STOP PROP. 8: Prop. 8 has a very real chance of passing. A recent internal poll from the No on 8 campaign found that 47 percent of California voters support Prop. 8, while 43 percent oppose it. According to the newest financial data submitted by the two sides, “ProtectMarriage.com, which wants to ban same-sex marriage, had raised $25.4 million through Sept. 30, compared with $15.8 million for Equality California (noonprop8.com).” However, since Oct. 6, No on 8 has had a 9-to-1 edge in contributions. Approximately 40 percent of the money raised for the marriage ban since July has come from members of the Church of Jesus Christ of Latter-day Saints. The Knights of Columbus, a Catholic fraternal organization, has also donated more than $1 million. With time running out, however, No on 8 supporters have become more active. Last week, the California Teachers Association (CTA) donated $1 million to defeat the same-sex marriage ban. “For us, it’s a civil rights issue,” said CTA President David Sanchez. “We don’t believe people should be treated differently.” Ellen DeGeneres, who recently married her partner, actress Portia deRossi, has bought $100,000 of television airtime to urge Californians to save marriage equality. Other high-profile opponents of Prop. 8 include Google — which took the unusual step of coming out against the measure because of its “chilling and discriminatory effect” — and Vice President Cheney’s daughter, Mary Cheney.
RIGHT-WING SCARE TACTICS: Supporters of the marriage ban have been increasing their misleading ads and scare tactics in recent weeks. The most recent round of TV and radio ads warn that if voters don’t approve Prop. 8, “Churches could lose their tax exemption,” and “gay marriage taught in public schools.” Both of these claims are lies. “No church is at any risk of losing its tax-exempt status if it refuses to perform same-sex weddings,” said Erwin Chemerinsky, dean of the law school at the University of California-Irvine. Even the manager for the Yes on 8 campaign has admitted that a chuch “would be very likely permitted to refuse to perform a gay wedding in the church with no risk to their tax exemption.” To support the claim that young children will be learning about gay marriage in public schools, Yes on 8 supporters point to a Massachusetts case in which parents sued a school when their children came home with a book concluding that families with two mothers were “just fine.” Massachusetts Superior Court judge Timothy Frawley ruled against the parents, but stated, “Current state law does not require school districts to teach anything about marriage or same-sex marriage at any grade level.”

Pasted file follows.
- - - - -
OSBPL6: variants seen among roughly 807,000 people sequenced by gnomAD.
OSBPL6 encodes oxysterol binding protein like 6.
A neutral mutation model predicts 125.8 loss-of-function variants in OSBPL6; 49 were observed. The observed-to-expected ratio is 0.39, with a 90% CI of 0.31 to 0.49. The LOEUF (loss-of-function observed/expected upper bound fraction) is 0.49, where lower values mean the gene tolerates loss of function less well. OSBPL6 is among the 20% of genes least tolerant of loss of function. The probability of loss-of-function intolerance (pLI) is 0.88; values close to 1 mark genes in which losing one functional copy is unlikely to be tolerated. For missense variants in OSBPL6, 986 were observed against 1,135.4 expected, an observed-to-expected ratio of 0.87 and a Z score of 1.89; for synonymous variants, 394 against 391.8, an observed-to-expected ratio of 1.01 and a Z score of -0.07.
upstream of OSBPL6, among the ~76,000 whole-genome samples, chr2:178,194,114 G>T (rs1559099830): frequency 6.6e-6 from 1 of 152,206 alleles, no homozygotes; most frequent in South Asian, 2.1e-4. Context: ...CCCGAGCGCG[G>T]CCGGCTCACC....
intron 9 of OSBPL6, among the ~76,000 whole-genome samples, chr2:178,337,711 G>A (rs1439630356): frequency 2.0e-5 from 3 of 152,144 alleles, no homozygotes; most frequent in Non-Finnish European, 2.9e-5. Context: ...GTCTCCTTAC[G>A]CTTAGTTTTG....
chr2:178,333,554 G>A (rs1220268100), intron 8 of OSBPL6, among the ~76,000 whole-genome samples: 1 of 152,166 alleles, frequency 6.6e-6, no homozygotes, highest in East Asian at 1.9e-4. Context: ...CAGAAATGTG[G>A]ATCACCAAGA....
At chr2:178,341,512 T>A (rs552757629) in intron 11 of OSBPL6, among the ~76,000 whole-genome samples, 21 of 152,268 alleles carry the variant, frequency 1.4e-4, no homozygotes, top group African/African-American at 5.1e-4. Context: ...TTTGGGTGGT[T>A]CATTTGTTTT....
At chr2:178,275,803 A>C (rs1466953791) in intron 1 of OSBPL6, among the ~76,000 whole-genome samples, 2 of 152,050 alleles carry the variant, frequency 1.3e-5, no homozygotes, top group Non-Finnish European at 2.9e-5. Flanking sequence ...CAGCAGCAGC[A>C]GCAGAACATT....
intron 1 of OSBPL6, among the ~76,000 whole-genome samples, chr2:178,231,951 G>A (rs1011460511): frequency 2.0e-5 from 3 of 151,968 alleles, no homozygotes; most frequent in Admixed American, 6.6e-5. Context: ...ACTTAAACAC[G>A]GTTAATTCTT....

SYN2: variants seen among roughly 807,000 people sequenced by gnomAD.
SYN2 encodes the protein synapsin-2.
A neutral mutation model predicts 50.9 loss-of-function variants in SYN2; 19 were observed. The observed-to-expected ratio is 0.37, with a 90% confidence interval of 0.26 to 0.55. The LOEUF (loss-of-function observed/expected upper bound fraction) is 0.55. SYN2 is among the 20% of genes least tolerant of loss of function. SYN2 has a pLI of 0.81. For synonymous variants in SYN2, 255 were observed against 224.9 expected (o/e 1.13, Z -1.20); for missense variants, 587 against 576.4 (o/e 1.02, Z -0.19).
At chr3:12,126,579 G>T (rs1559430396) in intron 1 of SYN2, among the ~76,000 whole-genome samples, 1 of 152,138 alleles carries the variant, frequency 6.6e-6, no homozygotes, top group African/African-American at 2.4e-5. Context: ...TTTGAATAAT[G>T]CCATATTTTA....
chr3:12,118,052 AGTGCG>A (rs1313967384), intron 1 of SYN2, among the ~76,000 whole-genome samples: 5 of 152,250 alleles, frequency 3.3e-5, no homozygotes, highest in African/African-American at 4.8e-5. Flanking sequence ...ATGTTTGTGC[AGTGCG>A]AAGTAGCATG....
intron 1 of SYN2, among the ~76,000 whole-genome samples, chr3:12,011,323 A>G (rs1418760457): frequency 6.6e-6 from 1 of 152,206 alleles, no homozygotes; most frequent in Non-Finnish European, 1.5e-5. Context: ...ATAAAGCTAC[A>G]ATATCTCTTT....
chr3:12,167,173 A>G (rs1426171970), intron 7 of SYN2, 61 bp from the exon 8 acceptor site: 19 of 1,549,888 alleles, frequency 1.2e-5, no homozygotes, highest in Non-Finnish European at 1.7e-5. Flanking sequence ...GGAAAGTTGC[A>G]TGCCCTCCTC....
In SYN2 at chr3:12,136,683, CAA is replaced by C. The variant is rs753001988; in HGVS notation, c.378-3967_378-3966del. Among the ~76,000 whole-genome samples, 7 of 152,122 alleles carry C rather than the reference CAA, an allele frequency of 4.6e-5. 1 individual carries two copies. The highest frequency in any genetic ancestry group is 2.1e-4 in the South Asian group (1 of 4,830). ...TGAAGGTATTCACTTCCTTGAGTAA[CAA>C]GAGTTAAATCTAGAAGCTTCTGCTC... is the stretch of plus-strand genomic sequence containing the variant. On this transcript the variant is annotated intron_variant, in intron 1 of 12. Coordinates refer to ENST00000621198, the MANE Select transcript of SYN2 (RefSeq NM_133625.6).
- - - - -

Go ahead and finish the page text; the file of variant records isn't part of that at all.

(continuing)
This posting was automatically generated from a feed from Gay News Blog Read more….PFLAG Heralds Marriage Equality Decision in Connecticut, State Becomes 3rd in Country to Legalize Marriage Equality for Same-Sex Couples
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Marriage equality in California is now losing by 5 points ….